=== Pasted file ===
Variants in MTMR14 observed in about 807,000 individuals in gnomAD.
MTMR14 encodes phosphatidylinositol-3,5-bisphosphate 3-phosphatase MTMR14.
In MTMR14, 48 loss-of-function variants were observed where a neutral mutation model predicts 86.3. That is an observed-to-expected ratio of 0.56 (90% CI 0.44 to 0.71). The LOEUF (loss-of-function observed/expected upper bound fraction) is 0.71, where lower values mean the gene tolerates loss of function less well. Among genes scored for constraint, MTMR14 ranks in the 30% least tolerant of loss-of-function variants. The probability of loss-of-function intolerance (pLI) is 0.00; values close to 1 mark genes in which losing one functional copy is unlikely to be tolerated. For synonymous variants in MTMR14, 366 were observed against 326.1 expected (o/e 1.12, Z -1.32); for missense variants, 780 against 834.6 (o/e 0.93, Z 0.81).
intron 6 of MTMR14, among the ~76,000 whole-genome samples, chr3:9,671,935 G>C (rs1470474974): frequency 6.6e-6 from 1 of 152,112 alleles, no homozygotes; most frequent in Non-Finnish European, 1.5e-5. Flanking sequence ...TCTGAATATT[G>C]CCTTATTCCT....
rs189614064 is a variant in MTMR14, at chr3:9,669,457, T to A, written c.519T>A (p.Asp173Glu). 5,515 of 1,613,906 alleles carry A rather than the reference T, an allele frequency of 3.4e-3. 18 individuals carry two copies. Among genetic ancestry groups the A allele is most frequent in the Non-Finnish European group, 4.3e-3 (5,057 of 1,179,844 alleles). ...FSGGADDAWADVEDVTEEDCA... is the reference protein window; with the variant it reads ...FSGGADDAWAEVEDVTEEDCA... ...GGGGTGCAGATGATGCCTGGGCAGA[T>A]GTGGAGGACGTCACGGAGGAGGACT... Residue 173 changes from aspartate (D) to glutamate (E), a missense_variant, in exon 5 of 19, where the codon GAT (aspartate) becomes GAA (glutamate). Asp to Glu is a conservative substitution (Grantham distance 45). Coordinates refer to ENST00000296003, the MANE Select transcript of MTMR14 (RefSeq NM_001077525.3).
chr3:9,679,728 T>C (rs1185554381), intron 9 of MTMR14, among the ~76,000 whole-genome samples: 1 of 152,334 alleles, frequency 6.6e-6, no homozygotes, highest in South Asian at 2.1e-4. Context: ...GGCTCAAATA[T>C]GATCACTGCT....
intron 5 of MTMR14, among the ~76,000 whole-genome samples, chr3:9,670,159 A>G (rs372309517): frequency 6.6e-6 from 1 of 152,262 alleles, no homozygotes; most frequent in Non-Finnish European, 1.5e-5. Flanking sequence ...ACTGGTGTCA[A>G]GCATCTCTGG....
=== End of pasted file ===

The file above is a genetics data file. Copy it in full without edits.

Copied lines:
Variants in MTMR14 observed in about 807,000 individuals in gnomAD.
MTMR14 encodes phosphatidylinositol-3,5-bisphosphate 3-phosphatase MTMR14.
In MTMR14, 48 loss-of-function variants were observed where a neutral mutation model predicts 86.3. That is an observed-to-expected ratio of 0.56 (90% CI 0.44 to 0.71). The LOEUF (loss-of-function observed/expected upper bound fraction) is 0.71, where lower values mean the gene tolerates loss of function less well. Among genes scored for constraint, MTMR14 ranks in the 30% least tolerant of loss-of-function variants. The probability of loss-of-function intolerance (pLI) is 0.00; values close to 1 mark genes in which losing one functional copy is unlikely to be tolerated. For synonymous variants in MTMR14, 366 were observed against 326.1 expected (o/e 1.12, Z -1.32); for missense variants, 780 against 834.6 (o/e 0.93, Z 0.81).
intron 6 of MTMR14, among the ~76,000 whole-genome samples, chr3:9,671,935 G>C (rs1470474974): frequency 6.6e-6 from 1 of 152,112 alleles, no homozygotes; most frequent in Non-Finnish European, 1.5e-5. Flanking sequence ...TCTGAATATT[G>C]CCTTATTCCT....
rs189614064 is a variant in MTMR14, at chr3:9,669,457, T to A, written c.519T>A (p.Asp173Glu). 5,515 of 1,613,906 alleles carry A rather than the reference T, an allele frequency of 3.4e-3. 18 individuals carry two copies. Among genetic ancestry groups the A allele is most frequent in the Non-Finnish European group, 4.3e-3 (5,057 of 1,179,844 alleles). ...FSGGADDAWADVEDVTEEDCA... is the reference protein window; with the variant it reads ...FSGGADDAWAEVEDVTEEDCA... ...GGGGTGCAGATGATGCCTGGGCAGA[T>A]GTGGAGGACGTCACGGAGGAGGACT... Residue 173 changes from aspartate (D) to glutamate (E), a missense_variant, in exon 5 of 19, where the codon GAT (aspartate) becomes GAA (glutamate). Asp to Glu is a conservative substitution (Grantham distance 45). Coordinates refer to ENST00000296003, the MANE Select transcript of MTMR14 (RefSeq NM_001077525.3).
chr3:9,679,728 T>C (rs1185554381), intron 9 of MTMR14, among the ~76,000 whole-genome samples: 1 of 152,334 alleles, frequency 6.6e-6, no homozygotes, highest in South Asian at 2.1e-4. Context: ...GGCTCAAATA[T>C]GATCACTGCT....
intron 5 of MTMR14, among the ~76,000 whole-genome samples, chr3:9,670,159 A>G (rs372309517): frequency 6.6e-6 from 1 of 152,262 alleles, no homozygotes; most frequent in Non-Finnish European, 1.5e-5. Flanking sequence ...ACTGGTGTCA[A>G]GCATCTCTGG....